The Social Individual and the Last Human: Marx and Nietzsche Agree to Disagree

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In their appreciation of modernity, Marx and Nietzsche have a lot in common. It is mistaken, for example, to assume that Nietzsche was interested chiefly in ethical and cultural matters, as opposed to Marx’s supposed fixation on the economic ‘base’. Nietzsche’s whole notion of culture was predicated upon a keen appreciation of the indispensable role of the economic base in sustaining all culture, while Marx, conversely, was deeply concerned about the fate of civilization. In that respect, it is useful to underline their ‘agreement’. Their disagreement concerns their respective social vantage-points: Marx envisioned a society overcoming class divisions, whereas Nietzsche directed all his powers at preventing precisely such an outcome. I will attempt to illustrate the usefulness of juxtaposing Marx’s notion of ‘the social individual’ with Nietzsche’s famous depiction of ‘the Last Human’, arguing that their true meaning emerges best when they are brought together.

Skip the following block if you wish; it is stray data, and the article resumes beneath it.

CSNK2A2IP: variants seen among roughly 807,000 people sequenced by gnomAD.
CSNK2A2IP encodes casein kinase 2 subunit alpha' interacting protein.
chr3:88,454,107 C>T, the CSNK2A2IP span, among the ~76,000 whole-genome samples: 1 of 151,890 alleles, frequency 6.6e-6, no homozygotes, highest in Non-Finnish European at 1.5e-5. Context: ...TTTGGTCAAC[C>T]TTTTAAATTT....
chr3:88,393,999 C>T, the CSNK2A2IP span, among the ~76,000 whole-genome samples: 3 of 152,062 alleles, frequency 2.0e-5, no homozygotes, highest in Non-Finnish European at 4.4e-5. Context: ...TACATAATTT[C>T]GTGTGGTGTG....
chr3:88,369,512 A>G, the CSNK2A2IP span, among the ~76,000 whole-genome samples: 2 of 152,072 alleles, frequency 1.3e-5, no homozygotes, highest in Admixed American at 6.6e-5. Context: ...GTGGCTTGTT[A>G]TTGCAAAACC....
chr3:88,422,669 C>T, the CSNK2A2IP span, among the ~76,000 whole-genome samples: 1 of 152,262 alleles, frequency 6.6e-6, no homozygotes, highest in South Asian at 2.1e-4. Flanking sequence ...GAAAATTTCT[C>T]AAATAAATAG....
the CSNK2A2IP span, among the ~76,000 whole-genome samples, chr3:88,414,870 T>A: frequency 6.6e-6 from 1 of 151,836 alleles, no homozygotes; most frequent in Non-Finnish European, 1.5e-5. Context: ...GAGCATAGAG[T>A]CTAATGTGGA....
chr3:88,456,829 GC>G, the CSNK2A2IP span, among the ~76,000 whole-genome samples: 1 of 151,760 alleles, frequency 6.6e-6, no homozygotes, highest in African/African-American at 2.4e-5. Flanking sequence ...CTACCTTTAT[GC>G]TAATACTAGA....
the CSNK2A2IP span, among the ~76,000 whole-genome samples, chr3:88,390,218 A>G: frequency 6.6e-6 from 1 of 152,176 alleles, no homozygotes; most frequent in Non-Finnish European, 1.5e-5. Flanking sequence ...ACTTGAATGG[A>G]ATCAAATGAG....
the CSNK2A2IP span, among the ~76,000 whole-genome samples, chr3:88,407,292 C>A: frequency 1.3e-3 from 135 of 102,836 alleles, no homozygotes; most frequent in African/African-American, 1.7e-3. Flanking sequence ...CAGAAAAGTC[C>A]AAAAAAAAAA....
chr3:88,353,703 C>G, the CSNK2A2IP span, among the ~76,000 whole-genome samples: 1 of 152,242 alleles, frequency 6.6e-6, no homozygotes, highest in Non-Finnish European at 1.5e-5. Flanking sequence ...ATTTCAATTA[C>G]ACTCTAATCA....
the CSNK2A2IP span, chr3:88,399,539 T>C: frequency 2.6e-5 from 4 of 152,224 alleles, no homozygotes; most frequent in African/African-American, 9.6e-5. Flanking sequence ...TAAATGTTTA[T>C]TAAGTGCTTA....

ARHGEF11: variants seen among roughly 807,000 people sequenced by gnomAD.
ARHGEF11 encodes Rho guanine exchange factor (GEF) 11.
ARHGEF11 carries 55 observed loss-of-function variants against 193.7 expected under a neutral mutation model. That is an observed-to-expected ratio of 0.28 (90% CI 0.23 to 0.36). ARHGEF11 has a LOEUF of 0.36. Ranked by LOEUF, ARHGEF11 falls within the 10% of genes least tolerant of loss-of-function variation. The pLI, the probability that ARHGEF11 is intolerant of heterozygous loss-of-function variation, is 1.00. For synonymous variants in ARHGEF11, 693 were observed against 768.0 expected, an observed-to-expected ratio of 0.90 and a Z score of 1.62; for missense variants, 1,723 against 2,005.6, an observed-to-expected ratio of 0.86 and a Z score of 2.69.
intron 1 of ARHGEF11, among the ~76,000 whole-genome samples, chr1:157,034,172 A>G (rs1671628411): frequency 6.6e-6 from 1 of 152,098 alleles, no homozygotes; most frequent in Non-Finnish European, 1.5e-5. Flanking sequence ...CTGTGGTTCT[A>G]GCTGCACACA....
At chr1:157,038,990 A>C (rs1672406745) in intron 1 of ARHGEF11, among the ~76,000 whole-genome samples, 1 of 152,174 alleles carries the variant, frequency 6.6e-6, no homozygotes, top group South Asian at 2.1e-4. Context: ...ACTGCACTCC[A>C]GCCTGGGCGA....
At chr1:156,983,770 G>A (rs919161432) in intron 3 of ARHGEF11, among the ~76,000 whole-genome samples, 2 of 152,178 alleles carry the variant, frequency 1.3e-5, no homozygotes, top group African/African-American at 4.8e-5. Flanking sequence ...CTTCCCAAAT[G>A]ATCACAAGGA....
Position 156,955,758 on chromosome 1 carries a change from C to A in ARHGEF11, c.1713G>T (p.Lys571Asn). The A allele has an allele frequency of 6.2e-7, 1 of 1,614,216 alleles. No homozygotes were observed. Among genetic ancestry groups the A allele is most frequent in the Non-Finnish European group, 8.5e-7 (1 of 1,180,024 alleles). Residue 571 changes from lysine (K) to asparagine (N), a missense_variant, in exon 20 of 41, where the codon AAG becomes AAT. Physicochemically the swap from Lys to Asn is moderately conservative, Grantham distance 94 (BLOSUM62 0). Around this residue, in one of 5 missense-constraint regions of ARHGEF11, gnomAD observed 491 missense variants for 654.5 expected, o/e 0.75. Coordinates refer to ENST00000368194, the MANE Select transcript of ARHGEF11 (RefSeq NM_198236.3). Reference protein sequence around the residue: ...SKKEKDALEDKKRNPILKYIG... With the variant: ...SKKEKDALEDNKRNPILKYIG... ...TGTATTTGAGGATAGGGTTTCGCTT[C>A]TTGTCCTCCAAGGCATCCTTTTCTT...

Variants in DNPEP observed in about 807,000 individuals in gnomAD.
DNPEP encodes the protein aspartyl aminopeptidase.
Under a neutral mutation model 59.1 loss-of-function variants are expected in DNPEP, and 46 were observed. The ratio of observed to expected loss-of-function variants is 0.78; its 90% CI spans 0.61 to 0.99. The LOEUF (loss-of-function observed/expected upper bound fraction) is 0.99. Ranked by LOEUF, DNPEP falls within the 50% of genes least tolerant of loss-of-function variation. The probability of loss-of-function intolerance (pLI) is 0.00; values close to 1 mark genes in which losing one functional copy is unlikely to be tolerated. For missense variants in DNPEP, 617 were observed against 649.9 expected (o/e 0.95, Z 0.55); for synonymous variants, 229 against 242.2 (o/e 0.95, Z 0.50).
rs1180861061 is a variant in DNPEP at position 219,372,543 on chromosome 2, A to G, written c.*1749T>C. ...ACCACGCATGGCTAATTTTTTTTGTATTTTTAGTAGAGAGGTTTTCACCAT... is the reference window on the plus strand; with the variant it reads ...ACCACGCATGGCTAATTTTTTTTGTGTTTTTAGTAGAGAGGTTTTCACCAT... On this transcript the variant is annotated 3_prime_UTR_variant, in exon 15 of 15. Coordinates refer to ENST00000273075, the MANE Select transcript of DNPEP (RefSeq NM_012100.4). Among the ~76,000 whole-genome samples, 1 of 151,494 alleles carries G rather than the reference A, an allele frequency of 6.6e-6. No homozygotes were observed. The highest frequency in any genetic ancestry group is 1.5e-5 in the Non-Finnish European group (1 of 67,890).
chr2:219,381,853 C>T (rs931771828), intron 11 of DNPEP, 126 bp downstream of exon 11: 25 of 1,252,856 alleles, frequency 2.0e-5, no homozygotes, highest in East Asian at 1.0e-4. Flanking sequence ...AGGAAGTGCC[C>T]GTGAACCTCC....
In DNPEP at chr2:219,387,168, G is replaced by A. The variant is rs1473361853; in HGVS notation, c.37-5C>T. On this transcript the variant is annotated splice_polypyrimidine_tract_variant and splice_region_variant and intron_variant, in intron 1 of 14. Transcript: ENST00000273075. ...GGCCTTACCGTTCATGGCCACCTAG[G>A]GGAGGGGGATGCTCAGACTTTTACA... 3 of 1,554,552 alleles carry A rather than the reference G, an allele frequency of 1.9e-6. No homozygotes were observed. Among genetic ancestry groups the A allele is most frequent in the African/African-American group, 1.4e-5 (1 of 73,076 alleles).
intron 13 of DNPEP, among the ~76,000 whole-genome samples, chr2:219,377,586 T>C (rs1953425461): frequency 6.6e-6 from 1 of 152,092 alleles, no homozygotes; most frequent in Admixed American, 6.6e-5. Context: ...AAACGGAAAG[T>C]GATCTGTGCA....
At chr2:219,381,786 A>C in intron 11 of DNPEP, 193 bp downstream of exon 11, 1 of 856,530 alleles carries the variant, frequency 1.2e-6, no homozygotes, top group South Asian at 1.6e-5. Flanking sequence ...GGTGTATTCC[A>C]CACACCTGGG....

Original languageEnglish
Pages (from-to)253-265
Number of pages13
JournalCritical Sociology
Issue number2
StatePublished - 1 Mar 2019

Bibliographical note

Publisher Copyright:
© The Author(s) 2016.


  • Critical theory
  • Marxist philosophy
  • Communism
  • Nietzsche, Friedrich Wilhelm, 1844-1900
  • Marx, Karl, 1818-1883
  • capitalism
  • communism
  • critical theory
  • dialectics
  • Marxism
  • Nietzsche
  • the Last Man
  • Victorianism


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